The Occupational Safety and Health Administration (OSHA) states that PPE is required for safety and should be provided in several workplace situations (across multiple industries), including the following:
- Construction workers must wear hardhats and earplugs
- Healthcare professionals who could be exposed to COVID-19 should wear respirators and facial coverings
- Employees working with lasers and other eye hazards should wear safety goggles
- Molten metal workers must have protective leg guards
- Those working in wet or slippery environments should wear non-slip shoes
- People working with corrosive chemicals must have protective gloves
- Airport grounds crews should wear earmuffs
- People working at pools or on boats must have flotation devices
If there is uncertainty about the types of PPE employees are technically supposed to wear, it is possible to confirm choices by checking the latest guidelines from OSHA and other governing bodies.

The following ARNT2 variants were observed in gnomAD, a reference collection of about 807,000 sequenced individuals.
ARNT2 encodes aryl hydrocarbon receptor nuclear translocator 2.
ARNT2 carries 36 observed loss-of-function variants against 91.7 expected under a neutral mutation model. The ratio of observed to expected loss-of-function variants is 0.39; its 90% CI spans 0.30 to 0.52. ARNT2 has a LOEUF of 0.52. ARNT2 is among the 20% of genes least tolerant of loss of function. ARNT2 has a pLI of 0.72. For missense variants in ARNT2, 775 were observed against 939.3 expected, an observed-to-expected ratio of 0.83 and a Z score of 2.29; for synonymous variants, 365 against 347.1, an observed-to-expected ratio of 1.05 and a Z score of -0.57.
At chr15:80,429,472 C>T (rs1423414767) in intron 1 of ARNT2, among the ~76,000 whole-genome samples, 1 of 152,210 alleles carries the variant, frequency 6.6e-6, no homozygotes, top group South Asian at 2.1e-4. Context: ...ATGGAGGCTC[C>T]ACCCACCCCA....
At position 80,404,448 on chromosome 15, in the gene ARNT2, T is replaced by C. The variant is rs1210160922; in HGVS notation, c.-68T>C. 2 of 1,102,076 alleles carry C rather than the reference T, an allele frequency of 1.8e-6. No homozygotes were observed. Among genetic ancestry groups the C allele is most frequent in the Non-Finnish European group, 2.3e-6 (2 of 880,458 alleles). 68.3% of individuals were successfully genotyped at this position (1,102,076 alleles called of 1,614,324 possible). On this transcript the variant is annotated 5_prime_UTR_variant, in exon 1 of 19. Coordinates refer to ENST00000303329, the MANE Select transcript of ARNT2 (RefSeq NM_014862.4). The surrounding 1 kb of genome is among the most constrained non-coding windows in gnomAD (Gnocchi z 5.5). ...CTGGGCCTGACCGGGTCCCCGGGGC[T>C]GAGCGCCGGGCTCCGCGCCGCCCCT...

Additionally, EHS management software with hazard and PPE assessment capabilities can assist with this process. Once hazardous activities have been entered into the system and sorted by location, (with designated rooms, buildings, or benches for the various hazardous activities) an assessment can be run that will automatically flag certain tasks and suggest PPE and other controls that may be necessary for workers. Such a tool is designed to assist companies with PPE selection by creating summaries of the entered safety and hazard data for specific locations, groups of people working together, types of hazards, etc. For example, if a company utilized this software in conjunction with an electronic chemical inventory and SDS management solution, PPE would be recommended based on exposures and hazards related to chemicals within the database.